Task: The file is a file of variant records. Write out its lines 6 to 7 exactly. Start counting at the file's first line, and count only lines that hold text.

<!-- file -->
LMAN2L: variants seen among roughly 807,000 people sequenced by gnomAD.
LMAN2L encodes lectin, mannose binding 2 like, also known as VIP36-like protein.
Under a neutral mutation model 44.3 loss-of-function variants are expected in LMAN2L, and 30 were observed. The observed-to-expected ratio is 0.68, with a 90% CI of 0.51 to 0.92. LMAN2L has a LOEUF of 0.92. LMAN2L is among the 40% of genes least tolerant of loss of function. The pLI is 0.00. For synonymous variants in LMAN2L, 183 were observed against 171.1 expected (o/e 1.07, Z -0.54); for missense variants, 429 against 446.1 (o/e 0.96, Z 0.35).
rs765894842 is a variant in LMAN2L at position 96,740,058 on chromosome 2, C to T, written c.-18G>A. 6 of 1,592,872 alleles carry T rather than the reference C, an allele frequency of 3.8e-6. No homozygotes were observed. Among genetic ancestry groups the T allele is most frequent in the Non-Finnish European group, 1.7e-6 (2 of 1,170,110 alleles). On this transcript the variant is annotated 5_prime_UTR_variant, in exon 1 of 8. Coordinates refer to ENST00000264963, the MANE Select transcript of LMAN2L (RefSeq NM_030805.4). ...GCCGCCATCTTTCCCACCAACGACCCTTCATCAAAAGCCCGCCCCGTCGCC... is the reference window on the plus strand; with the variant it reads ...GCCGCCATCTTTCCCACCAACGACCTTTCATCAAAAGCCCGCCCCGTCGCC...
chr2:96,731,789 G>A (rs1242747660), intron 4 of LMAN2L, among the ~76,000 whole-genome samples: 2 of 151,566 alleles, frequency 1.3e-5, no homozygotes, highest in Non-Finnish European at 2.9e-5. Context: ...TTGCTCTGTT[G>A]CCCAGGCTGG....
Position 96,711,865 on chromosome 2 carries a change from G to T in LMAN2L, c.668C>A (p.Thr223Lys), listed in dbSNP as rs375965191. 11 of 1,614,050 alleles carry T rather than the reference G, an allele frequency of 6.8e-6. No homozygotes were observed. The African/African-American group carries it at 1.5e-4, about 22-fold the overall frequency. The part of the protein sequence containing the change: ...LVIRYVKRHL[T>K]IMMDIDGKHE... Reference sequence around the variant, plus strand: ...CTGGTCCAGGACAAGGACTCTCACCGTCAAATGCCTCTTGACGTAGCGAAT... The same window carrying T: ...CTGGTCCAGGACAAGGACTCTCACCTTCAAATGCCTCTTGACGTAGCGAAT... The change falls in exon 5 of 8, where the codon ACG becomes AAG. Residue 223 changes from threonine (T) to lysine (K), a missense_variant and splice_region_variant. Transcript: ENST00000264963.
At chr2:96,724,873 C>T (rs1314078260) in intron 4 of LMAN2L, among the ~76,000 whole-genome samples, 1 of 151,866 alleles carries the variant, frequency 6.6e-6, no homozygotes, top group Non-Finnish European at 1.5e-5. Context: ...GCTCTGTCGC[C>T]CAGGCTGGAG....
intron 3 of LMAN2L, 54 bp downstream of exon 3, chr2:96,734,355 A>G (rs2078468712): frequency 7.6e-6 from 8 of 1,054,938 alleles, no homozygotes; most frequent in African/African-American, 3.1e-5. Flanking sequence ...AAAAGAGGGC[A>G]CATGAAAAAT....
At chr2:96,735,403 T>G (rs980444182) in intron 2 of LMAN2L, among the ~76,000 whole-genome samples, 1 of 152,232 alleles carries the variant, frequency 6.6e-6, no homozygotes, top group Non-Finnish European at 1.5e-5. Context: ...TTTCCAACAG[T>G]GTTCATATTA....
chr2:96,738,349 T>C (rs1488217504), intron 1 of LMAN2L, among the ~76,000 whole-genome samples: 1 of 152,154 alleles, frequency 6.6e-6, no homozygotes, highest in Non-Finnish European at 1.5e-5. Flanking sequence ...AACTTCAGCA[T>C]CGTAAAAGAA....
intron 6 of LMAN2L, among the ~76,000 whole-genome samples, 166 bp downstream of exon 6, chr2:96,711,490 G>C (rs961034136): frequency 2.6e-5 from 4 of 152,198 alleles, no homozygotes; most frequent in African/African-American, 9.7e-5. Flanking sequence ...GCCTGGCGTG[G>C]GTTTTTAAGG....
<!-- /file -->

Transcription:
Position 96,711,865 on chromosome 2 carries a change from G to T in LMAN2L, c.668C>A (p.Thr223Lys), listed in dbSNP as rs375965191. 11 of 1,614,050 alleles carry T rather than the reference G, an allele frequency of 6.8e-6. No homozygotes were observed. The African/African-American group carries it at 1.5e-4, about 22-fold the overall frequency. The part of the protein sequence containing the change: ...LVIRYVKRHL[T>K]IMMDIDGKHE... Reference sequence around the variant, plus strand: ...CTGGTCCAGGACAAGGACTCTCACCGTCAAATGCCTCTTGACGTAGCGAAT... The same window carrying T: ...CTGGTCCAGGACAAGGACTCTCACCTTCAAATGCCTCTTGACGTAGCGAAT... The change falls in exon 5 of 8, where the codon ACG becomes AAG. Residue 223 changes from threonine (T) to lysine (K), a missense_variant and splice_region_variant. Transcript: ENST00000264963.
At chr2:96,724,873 C>T (rs1314078260) in intron 4 of LMAN2L, among the ~76,000 whole-genome samples, 1 of 151,866 alleles carries the variant, frequency 6.6e-6, no homozygotes, top group Non-Finnish European at 1.5e-5. Context: ...GCTCTGTCGC[C>T]CAGGCTGGAG....